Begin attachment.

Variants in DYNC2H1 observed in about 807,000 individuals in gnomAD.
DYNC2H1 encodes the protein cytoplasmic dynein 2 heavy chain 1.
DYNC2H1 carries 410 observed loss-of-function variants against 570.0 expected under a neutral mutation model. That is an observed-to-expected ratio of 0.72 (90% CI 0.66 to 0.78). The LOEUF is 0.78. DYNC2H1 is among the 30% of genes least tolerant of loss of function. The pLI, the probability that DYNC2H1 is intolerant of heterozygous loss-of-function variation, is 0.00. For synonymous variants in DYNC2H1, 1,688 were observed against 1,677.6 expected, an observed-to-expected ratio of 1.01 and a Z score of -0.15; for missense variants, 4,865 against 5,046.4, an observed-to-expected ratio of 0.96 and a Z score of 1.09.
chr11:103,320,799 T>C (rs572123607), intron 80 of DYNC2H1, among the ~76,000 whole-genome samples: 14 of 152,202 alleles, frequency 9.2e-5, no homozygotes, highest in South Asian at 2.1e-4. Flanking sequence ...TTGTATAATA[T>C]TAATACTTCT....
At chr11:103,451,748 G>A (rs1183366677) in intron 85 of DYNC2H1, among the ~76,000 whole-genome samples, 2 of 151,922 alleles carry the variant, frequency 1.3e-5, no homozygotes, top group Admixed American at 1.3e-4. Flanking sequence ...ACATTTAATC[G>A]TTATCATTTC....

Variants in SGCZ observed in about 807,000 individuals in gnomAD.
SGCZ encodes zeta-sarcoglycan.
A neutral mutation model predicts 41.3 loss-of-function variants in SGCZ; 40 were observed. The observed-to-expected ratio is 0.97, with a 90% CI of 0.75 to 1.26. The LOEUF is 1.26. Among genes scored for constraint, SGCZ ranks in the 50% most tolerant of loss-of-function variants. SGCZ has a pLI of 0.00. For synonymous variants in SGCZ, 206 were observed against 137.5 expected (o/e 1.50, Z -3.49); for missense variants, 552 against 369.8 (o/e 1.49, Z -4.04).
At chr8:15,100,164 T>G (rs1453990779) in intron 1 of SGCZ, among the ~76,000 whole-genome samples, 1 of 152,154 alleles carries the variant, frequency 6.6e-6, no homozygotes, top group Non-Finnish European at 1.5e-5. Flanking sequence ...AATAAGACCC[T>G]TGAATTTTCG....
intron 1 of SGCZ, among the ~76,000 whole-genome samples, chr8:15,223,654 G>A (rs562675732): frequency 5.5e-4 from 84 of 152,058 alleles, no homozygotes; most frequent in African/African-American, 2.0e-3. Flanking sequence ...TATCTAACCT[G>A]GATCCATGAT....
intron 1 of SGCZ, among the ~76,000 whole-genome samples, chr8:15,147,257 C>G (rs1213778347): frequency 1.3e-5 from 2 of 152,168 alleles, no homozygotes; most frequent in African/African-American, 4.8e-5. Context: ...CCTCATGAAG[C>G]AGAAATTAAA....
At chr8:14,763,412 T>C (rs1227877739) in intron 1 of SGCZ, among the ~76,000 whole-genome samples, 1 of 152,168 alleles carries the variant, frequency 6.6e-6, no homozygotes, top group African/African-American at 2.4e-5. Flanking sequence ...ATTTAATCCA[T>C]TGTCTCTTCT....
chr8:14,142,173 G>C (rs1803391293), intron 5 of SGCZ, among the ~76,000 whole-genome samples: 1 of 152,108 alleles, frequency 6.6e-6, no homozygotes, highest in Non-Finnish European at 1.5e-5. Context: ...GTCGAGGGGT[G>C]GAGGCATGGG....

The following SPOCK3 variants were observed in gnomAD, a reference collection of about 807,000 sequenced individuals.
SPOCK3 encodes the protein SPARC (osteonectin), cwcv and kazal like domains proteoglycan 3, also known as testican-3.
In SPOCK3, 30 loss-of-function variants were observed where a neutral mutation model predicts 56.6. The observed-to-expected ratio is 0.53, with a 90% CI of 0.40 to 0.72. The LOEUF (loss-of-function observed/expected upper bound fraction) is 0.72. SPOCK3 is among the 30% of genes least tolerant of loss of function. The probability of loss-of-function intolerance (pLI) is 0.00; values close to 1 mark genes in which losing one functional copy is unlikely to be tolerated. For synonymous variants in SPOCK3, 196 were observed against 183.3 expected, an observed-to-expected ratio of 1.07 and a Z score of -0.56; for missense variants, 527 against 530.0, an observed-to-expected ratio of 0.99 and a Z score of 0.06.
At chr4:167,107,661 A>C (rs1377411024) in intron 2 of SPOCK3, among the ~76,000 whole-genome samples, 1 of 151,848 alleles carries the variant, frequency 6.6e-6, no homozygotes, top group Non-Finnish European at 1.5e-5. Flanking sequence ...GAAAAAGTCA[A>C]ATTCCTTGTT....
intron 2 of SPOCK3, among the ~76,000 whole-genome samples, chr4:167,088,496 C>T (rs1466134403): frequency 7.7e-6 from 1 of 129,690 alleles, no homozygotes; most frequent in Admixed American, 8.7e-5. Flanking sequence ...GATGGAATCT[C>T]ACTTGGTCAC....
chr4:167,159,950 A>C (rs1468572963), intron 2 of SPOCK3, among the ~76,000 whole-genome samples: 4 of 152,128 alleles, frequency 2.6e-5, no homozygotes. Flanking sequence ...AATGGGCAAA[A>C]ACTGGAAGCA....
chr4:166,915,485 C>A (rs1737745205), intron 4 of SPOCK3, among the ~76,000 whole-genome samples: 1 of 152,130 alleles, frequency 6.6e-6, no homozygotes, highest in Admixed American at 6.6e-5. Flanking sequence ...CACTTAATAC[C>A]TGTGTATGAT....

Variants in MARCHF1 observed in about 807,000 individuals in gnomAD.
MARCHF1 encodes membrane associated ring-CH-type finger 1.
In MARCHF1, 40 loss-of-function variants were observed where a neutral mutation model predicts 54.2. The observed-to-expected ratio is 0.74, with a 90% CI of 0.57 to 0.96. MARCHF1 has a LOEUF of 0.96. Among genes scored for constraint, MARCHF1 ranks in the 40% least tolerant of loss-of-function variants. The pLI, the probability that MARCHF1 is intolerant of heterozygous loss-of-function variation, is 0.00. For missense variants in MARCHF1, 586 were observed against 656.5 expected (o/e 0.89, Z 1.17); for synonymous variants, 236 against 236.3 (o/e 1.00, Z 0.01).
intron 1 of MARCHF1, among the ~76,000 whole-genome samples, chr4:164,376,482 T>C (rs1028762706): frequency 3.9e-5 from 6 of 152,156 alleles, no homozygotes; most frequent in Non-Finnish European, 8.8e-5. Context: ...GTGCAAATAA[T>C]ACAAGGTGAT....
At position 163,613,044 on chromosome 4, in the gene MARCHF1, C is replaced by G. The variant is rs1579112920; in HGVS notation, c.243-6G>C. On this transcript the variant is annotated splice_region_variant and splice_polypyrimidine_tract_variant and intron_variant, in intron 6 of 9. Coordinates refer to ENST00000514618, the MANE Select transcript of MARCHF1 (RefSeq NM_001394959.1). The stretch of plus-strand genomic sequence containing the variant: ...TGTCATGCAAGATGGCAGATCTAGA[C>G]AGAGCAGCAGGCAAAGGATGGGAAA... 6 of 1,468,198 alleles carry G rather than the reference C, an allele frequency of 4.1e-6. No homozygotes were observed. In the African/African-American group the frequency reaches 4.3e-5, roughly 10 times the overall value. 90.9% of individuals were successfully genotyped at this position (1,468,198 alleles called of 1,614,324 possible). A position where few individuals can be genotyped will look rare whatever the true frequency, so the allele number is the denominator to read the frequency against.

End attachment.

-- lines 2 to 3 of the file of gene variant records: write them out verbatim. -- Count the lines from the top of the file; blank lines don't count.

DYNC2H1 encodes the protein cytoplasmic dynein 2 heavy chain 1.
DYNC2H1 carries 410 observed loss-of-function variants against 570.0 expected under a neutral mutation model. That is an observed-to-expected ratio of 0.72 (90% CI 0.66 to 0.78). The LOEUF is 0.78. DYNC2H1 is among the 30% of genes least tolerant of loss of function. The pLI, the probability that DYNC2H1 is intolerant of heterozygous loss-of-function variation, is 0.00. For synonymous variants in DYNC2H1, 1,688 were observed against 1,677.6 expected, an observed-to-expected ratio of 1.01 and a Z score of -0.15; for missense variants, 4,865 against 5,046.4, an observed-to-expected ratio of 0.96 and a Z score of 1.09.